To The Editor:
I appreciate the story “Dental Work: Queens Dentist ID’s Katrina Bodies” (Queens Tribune, Nov. 17, 2005). However, I would like to clear up a number of inaccuracies. Mainly, I would like to stress that I wasn’t “working on my own.” I was part of the DMORT East team that, when I arrived, consisted of 106 forensic members. The team was made up of forensic dentists, pathologists, radiologists, anthropologists, medical examiners/coroners, DNA and fingerprint specialists, funeral directors/embalmers and mental health specialists. I met most of my fellow teammates in Mississippi for the first time. They were a very select group of people, and it was amazing how we all bonded so strongly.
The dental section was particularly outstanding and consisted of over 25 forensic odontologists. When we took X-rays and evaluated the victim’s remains, there were up to six dentists present in the morgue. All were helping each other while compassionately evaluating the Katrina victims. We all took shifts so that everyone could participate and be highly accurate in our identification process. The team did process over 25 victims on some days, but again it was a team effort and I wasn’t counting how many victims I myself had worked on.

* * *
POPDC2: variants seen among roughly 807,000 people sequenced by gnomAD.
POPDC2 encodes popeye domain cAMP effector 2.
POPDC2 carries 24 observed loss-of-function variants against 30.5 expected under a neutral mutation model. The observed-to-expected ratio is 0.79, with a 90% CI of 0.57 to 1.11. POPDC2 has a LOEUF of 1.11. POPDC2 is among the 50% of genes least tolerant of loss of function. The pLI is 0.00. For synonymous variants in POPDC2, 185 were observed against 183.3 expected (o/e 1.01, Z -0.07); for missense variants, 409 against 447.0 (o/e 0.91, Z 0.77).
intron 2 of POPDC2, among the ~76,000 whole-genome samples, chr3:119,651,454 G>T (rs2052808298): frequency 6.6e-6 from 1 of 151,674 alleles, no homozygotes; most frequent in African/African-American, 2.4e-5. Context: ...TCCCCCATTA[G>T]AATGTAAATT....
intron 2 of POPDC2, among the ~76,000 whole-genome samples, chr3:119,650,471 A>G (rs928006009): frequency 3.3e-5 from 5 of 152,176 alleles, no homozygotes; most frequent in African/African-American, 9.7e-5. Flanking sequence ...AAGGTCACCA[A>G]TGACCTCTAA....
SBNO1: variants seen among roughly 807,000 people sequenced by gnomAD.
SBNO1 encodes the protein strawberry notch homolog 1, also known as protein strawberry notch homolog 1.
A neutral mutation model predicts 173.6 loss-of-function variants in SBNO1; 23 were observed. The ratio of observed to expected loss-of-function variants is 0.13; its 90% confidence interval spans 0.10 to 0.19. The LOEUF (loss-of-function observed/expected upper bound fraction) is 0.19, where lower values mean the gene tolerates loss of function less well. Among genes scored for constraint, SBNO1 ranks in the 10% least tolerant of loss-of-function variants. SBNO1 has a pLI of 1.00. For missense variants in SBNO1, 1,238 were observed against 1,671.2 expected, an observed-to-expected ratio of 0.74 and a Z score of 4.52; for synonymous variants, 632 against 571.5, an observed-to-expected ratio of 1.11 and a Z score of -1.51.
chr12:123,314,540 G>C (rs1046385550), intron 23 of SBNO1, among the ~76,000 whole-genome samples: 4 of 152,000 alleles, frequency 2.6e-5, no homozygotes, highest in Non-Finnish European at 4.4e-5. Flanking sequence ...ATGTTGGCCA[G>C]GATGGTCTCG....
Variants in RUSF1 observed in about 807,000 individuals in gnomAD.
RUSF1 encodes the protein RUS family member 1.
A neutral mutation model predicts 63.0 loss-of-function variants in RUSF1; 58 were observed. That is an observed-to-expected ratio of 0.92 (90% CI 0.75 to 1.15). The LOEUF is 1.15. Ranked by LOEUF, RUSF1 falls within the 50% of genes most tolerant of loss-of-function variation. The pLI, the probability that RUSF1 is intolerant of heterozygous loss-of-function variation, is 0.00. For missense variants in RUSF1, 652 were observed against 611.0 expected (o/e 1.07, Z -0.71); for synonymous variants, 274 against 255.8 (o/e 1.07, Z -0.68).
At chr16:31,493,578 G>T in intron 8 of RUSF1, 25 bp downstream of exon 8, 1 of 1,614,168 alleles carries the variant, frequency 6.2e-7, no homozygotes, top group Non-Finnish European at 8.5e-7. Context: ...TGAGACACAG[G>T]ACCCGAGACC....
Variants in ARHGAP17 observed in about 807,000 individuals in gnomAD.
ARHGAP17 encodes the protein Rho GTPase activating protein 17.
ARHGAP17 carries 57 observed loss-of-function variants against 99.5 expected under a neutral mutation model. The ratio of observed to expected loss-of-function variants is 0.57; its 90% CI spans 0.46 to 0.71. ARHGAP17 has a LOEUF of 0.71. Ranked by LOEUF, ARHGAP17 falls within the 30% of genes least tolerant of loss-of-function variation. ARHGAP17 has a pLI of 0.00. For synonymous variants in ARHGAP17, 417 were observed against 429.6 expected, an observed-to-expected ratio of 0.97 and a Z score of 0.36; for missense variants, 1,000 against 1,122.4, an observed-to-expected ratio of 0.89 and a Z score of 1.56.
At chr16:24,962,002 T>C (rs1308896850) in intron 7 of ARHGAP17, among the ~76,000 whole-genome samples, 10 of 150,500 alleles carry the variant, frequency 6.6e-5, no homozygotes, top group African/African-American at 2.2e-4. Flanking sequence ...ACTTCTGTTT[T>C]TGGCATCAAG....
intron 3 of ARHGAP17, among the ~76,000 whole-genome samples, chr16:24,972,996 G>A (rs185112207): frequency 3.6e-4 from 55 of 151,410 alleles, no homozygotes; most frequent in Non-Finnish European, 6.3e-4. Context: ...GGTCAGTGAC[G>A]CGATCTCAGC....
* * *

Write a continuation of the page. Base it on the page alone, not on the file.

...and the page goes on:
Another small misunderstanding was a reference that I was there before the equipment had been shipped. The morgue equipment was already there. What I was referring to was the portable toilets, showers, washing machines… that arrived later and made the teams life a whole lot better. Though I still can only contemplate why I was so unhappy with my own living conditions, because I was alive, and my situation was temporary.